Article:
25 Jul Duddo Stone Circle
For a spine-tingling trip back in time, a visit to the stone circle of Duddo is not to be missed.
Located just 20 minutes’ drive from Homildon Cottage to the north of Ford & Etal, Duddo Five Stones is Northumberland’s answer to Stonehenge (albeit on a slightly smaller scale!)
After crossing a field along a mud track, the Neolithic monument appears on the horizon ahead of you, atop a small mound. The view takes in not only the Cheviots but also the Eildon Hills in nearby Scotland.
The prominent local archaeologist Roger Miket describes the circle as, “Undoubtedly the most complete and dramatically situated in Northumberland”.
Certainly the five standing stones are striking to see. Fairly flat and tapering toward the ground, the soft sandstone monoliths have been inscribed with deep vertical grooves from the centuries of Northumbrian rain and wind. The largest is over 2m high. There once were six stones (as recorded in 1811) but there is now a gap where the sixth stone stood.
In 1852 the antiquarian and topographer Canon James Raine investigated the stones, “On an eminence in the middle of a field a mile north west of Duddo stands a time and weather worn memorial of the Druidical period… The situation of this hillock is of a peculiar nature; it rises as it were, in the middle of a large natural basin two miles in diameter and might have been seen at one and the same time by thousands upon thousands of assembled devotees.”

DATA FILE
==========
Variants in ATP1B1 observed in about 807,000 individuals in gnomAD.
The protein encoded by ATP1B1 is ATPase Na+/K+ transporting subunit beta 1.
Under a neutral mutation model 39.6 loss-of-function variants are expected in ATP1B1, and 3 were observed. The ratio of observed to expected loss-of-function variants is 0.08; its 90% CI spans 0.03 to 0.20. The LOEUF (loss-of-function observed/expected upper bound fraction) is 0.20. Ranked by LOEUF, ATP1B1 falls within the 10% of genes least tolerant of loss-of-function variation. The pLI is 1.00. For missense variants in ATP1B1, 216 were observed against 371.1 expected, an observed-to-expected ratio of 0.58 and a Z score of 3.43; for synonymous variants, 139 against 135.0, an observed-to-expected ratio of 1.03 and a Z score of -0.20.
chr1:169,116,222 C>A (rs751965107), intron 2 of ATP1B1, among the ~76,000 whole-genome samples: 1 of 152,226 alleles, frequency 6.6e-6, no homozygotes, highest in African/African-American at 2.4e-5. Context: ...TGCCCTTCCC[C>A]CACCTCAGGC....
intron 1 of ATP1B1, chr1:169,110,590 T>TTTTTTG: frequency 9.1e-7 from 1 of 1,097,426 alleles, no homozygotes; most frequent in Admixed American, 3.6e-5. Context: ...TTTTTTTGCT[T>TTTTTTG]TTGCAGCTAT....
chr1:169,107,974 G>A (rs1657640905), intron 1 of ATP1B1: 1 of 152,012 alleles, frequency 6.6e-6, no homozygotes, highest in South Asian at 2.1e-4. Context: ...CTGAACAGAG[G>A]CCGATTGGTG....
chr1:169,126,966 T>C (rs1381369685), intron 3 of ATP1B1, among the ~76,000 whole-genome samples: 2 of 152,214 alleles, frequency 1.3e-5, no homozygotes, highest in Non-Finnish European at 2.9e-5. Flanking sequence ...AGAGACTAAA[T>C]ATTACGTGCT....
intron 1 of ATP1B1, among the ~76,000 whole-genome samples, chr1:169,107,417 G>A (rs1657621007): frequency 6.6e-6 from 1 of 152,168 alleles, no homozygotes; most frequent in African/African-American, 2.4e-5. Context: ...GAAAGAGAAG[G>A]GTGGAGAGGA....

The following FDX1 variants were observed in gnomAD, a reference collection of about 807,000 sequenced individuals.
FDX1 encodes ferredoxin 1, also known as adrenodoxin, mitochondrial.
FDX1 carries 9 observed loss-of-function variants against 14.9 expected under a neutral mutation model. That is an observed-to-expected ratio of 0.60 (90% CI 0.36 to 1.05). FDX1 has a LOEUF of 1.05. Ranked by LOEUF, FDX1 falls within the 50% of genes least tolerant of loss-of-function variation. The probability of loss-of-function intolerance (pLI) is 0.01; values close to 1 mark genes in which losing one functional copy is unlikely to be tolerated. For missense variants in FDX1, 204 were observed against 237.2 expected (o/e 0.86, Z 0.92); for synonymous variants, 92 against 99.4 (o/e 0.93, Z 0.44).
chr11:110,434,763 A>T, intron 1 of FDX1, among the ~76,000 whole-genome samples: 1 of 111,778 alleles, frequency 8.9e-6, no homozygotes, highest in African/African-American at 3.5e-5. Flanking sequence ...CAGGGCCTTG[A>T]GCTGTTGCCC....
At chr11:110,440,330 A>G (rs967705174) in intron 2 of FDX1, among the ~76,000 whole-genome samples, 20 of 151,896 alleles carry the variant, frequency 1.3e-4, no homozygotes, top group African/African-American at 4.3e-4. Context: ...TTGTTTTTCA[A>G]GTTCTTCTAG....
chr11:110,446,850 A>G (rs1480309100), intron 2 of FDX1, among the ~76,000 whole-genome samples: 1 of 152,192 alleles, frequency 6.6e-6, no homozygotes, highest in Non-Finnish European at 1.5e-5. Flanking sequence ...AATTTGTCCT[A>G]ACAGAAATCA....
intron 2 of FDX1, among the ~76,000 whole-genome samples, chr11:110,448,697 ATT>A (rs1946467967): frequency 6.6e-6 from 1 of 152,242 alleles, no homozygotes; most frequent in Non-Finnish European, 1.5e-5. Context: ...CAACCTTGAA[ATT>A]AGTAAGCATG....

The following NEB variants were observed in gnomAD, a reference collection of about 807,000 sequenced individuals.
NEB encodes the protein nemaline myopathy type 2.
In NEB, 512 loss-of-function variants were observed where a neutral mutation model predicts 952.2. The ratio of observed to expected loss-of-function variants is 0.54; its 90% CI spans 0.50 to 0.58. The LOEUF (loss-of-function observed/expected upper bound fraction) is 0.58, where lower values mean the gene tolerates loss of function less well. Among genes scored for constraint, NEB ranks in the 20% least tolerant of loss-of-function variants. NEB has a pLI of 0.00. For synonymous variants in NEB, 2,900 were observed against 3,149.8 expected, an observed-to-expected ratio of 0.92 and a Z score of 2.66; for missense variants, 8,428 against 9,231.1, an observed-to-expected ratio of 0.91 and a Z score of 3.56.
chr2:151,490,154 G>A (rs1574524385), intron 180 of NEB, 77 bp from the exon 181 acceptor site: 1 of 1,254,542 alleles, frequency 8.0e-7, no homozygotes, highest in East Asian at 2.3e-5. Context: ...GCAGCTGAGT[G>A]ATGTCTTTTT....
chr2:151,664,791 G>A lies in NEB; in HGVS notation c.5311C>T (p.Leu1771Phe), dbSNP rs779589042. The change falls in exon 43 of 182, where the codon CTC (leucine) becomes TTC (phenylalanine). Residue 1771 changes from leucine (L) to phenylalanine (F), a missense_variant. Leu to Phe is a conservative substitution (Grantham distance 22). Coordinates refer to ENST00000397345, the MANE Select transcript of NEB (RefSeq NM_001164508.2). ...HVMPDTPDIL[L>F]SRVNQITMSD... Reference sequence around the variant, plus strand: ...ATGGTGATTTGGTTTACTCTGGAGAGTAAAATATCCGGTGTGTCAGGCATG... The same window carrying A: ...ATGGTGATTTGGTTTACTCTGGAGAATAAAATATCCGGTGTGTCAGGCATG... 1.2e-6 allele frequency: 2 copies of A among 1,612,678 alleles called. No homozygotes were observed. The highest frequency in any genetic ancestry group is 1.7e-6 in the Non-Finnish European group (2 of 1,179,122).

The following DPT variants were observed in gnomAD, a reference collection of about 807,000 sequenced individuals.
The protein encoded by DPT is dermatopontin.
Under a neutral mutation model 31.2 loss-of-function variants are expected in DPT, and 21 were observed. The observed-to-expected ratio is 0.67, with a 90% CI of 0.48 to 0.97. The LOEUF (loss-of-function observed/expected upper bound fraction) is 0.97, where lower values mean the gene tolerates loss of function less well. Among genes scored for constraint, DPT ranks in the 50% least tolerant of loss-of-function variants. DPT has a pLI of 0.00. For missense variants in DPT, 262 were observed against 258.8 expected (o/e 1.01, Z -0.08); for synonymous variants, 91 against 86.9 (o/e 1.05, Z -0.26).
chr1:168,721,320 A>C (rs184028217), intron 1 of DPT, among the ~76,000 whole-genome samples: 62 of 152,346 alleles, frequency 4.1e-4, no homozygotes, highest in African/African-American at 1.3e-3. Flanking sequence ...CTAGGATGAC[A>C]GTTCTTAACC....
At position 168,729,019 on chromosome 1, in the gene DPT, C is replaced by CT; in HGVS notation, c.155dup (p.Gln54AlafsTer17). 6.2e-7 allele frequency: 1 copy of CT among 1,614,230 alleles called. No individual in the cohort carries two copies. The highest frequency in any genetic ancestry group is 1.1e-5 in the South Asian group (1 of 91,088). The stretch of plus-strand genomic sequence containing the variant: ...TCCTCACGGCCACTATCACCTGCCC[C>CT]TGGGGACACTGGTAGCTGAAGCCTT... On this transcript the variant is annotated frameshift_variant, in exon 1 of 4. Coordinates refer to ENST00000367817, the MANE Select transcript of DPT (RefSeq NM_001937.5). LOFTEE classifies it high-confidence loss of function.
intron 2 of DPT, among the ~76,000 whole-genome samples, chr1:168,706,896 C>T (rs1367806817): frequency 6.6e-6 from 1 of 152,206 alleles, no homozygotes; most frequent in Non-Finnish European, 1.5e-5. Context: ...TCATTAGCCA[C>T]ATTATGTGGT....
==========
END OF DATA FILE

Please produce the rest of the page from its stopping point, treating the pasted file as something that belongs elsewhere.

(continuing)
A late 19th Century excavation of the site discovered a central pit “six to eight feet in diameter” with charcoal and burnt fragments of bone, suggesting the circle may perhaps have been used for cremations. By this time, only four stones were still standing although one of missing two was later discovered intact and re-erected.
It is a mysterious and almost eerie feeling to stand at the centre of this circle of stones placed so long ago by our ancestors. No one knows the exact age of the stone circle, but it dates back at least some 4,500 years. You can almost picture those humans from long ago performing their sacred rites in this most wild and lonely of landscapes.
Getting to the Duddo Stones
Visiting the Duddo Stones is free. Approaching Duddo from the south, turn left and follow the road until you see a sign beside a field gate on the right-hand side of the road. Park here to walk about 1km along a permissive path.